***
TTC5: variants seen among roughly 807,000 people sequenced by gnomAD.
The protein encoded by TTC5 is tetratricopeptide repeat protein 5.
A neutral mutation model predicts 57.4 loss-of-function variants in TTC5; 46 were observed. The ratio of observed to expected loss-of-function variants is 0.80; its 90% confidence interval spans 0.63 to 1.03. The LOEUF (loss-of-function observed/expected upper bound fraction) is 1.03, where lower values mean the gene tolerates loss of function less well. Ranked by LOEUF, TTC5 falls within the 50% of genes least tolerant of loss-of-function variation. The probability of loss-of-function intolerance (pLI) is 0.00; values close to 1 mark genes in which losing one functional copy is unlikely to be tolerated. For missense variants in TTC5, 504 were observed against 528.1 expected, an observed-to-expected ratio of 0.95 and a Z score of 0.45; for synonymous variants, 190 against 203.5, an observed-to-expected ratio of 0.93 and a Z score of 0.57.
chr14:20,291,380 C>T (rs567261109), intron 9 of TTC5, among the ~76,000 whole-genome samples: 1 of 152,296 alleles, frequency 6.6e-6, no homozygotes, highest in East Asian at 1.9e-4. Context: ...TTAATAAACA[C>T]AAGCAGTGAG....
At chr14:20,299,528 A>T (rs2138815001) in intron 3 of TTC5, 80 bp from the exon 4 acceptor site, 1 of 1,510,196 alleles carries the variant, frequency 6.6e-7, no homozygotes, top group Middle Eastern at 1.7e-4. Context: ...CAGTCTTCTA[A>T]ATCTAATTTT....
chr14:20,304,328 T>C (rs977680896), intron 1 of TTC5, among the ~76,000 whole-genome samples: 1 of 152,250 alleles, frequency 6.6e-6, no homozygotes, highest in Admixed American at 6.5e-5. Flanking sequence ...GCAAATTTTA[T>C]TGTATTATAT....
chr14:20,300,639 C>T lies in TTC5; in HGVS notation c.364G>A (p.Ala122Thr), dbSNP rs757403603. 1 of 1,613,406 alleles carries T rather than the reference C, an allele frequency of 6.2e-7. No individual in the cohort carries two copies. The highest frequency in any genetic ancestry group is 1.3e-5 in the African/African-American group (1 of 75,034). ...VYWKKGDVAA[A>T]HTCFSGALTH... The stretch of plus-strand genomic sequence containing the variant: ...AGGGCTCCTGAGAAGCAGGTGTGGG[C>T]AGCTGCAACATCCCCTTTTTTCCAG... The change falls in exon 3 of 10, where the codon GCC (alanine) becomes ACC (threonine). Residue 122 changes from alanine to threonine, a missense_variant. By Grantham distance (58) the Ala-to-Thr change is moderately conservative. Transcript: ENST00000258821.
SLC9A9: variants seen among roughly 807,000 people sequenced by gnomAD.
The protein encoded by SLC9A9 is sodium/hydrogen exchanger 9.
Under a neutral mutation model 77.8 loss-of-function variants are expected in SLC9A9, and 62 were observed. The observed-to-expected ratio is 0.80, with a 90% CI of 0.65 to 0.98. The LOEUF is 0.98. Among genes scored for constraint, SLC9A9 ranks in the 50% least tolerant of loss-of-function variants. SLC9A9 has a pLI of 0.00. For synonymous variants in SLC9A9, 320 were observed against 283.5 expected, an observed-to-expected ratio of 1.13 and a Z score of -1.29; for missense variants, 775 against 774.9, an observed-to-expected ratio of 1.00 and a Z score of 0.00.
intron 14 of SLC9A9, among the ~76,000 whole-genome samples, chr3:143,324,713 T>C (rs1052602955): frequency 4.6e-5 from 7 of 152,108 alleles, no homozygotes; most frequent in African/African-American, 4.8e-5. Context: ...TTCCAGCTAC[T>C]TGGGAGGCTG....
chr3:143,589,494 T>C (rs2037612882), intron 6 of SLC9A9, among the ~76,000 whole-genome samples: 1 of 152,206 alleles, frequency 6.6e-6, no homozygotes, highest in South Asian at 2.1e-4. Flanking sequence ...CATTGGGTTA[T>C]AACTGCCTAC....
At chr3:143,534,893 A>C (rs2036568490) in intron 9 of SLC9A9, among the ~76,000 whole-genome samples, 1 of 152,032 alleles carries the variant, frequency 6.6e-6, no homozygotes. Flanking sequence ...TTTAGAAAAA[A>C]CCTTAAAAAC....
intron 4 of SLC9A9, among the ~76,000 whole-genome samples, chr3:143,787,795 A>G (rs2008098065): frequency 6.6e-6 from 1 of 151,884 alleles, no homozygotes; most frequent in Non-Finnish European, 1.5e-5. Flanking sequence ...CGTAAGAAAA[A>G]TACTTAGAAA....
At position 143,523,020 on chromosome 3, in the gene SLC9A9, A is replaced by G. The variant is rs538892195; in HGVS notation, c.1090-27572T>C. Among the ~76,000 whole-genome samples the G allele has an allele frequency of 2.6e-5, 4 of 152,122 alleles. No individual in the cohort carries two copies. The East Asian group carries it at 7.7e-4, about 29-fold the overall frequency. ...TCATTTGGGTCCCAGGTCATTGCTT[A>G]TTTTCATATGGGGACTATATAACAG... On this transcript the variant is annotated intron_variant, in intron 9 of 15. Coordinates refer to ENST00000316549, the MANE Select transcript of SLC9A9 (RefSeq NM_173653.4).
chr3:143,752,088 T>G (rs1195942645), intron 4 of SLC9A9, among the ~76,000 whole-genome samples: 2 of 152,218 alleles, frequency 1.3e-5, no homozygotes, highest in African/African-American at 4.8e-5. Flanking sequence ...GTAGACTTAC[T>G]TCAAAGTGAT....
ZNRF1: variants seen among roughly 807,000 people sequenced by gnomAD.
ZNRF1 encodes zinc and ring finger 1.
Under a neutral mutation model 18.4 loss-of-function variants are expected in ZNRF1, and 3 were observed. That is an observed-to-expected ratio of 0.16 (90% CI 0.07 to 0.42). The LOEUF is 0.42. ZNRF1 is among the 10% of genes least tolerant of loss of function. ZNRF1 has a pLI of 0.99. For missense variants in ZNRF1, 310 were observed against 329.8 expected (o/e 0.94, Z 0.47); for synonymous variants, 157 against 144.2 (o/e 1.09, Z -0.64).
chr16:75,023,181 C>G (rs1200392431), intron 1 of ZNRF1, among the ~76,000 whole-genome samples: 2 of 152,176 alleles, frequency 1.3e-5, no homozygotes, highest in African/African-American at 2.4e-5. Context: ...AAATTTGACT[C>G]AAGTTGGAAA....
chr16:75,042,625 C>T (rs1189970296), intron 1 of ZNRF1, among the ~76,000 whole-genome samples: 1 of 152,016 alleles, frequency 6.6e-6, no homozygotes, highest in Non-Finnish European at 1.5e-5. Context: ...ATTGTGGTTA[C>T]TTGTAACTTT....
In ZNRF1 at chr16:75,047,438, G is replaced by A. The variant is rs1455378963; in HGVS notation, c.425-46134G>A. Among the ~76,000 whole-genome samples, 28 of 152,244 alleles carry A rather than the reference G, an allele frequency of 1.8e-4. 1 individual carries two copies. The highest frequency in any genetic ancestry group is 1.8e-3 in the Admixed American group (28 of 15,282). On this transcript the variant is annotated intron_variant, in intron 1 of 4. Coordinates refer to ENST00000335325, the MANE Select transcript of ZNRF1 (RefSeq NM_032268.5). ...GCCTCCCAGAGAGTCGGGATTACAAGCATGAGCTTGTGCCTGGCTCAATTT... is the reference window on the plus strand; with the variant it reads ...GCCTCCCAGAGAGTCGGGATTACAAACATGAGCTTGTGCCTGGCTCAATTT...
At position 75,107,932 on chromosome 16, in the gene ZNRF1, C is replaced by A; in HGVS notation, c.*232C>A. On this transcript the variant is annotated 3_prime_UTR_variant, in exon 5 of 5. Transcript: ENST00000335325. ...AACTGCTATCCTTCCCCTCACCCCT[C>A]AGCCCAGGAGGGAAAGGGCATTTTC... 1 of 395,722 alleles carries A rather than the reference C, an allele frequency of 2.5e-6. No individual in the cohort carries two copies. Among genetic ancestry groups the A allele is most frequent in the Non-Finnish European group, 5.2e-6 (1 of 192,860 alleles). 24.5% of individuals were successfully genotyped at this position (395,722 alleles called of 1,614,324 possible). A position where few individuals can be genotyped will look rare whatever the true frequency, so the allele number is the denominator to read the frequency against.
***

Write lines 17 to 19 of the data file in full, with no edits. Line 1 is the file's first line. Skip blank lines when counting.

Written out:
ZNRF1: variants seen among roughly 807,000 people sequenced by gnomAD.
ZNRF1 encodes zinc and ring finger 1.
Under a neutral mutation model 18.4 loss-of-function variants are expected in ZNRF1, and 3 were observed. That is an observed-to-expected ratio of 0.16 (90% CI 0.07 to 0.42). The LOEUF is 0.42. ZNRF1 is among the 10% of genes least tolerant of loss of function. ZNRF1 has a pLI of 0.99. For missense variants in ZNRF1, 310 were observed against 329.8 expected (o/e 0.94, Z 0.47); for synonymous variants, 157 against 144.2 (o/e 1.09, Z -0.64).